Why Did Tennessee School Focus on Islam?

Thomas D. Williams penned a story for Breitbart.com on Thursday detailing how a Tennessee school — using Common Core guidelines — instructed 7th grade students to study the Five Pillars of Islam and write the “Shahada” or Muslim conversion refrain.

Middle school parents in Tennessee are up in arms on learning that their children were instructed to recite and write, “Allah is the only god,” as part of a world history project.

In the Maury County School District, students were assigned a Five Pillars of Islam project that included the translation of the pillar of “Shahada” as being, “There is no god but Allah; Muhammad is his prophet.”

Joy Ellis, the mother of a seventh-grader at Spring Hill Middle School, said that Christian children should not be instructed to write the Shahada.

“This is a seventh grade state standard, and will be on the TCAP,” Ellis said. “I didn’t have a problem with the history of Islam being taught, but to go so far as to make my child write the Shahada, is unacceptable.” — Breitbart.com

In a state where 85 percent of the population identifies as Christian, the school district spent three weeks discussing Islam, but glossed over the histories of Christianity and Judaism. Of course, the discussion regarding Christianity was limited to the Middle Ages, perhaps its darkest period.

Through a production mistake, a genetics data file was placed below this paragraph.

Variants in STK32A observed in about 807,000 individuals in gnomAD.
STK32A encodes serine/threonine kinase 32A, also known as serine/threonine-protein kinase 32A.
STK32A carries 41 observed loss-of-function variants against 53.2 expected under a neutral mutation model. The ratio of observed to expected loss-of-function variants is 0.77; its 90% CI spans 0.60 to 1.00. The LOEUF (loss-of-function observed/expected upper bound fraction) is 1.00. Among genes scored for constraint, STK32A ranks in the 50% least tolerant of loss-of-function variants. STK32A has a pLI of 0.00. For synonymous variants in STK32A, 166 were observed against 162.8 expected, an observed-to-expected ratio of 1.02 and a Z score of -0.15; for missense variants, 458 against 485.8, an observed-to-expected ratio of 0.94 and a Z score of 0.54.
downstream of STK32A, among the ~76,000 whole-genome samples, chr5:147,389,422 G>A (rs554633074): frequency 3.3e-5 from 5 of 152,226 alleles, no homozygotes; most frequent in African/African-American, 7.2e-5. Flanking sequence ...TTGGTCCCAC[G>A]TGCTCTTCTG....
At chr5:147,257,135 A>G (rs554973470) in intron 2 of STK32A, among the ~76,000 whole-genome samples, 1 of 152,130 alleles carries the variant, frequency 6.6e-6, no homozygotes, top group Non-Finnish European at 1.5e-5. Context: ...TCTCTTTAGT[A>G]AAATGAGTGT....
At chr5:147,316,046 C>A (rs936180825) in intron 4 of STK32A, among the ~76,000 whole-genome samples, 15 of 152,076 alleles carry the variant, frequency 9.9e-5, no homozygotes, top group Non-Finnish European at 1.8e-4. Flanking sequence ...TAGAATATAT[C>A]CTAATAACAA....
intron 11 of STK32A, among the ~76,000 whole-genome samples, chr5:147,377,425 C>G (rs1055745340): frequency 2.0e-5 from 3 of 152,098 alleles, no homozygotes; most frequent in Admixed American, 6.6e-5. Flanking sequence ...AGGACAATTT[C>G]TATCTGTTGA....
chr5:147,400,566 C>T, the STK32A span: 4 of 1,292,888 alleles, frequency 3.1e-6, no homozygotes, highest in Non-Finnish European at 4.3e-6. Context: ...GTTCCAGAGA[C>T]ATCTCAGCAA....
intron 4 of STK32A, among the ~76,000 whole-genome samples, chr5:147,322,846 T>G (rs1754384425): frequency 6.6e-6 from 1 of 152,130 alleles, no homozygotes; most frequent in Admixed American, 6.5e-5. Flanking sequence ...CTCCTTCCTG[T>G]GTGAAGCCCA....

Maury County Director of Schools, Chris Marczak, defended the curriculum in a statement, saying that the school system is in no way endorsing Islam over other religions or trying to “indoctrinate” students.

“It is our job as a public school system to educate our students on world history in order to be ready to compete in a global society, not to endorse one religion over another or indoctrinate,” Marczak said.

Porterfield, however, finds Marczak’s assurances unconvincing.

“They are not going over anything else. So for the students to have to memorize this prayer, it does seem like it is indoctrination,” she said.

These situations explain why so many oppose Common Core and the top-down Federal standards and curricula.

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